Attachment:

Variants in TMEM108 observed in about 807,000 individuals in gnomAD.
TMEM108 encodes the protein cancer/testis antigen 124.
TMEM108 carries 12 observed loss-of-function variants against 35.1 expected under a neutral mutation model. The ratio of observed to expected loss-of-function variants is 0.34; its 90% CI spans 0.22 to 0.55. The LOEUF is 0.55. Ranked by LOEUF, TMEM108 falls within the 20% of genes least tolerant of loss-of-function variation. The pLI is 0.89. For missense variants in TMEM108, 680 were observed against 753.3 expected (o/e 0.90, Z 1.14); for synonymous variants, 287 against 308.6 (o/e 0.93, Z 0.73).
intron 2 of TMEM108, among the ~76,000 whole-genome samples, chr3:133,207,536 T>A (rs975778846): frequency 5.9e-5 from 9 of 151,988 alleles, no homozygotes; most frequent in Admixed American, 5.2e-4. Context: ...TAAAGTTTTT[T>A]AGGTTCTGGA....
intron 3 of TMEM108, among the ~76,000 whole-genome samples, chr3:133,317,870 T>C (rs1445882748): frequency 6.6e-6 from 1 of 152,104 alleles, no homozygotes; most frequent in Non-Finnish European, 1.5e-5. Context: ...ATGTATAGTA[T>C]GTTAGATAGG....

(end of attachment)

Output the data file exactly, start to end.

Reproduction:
Variants in TMEM108 observed in about 807,000 individuals in gnomAD.
TMEM108 encodes the protein cancer/testis antigen 124.
TMEM108 carries 12 observed loss-of-function variants against 35.1 expected under a neutral mutation model. The ratio of observed to expected loss-of-function variants is 0.34; its 90% CI spans 0.22 to 0.55. The LOEUF is 0.55. Ranked by LOEUF, TMEM108 falls within the 20% of genes least tolerant of loss-of-function variation. The pLI is 0.89. For missense variants in TMEM108, 680 were observed against 753.3 expected (o/e 0.90, Z 1.14); for synonymous variants, 287 against 308.6 (o/e 0.93, Z 0.73).
intron 2 of TMEM108, among the ~76,000 whole-genome samples, chr3:133,207,536 T>A (rs975778846): frequency 5.9e-5 from 9 of 151,988 alleles, no homozygotes; most frequent in Admixed American, 5.2e-4. Context: ...TAAAGTTTTT[T>A]AGGTTCTGGA....
intron 3 of TMEM108, among the ~76,000 whole-genome samples, chr3:133,317,870 T>C (rs1445882748): frequency 6.6e-6 from 1 of 152,104 alleles, no homozygotes; most frequent in Non-Finnish European, 1.5e-5. Context: ...ATGTATAGTA[T>C]GTTAGATAGG....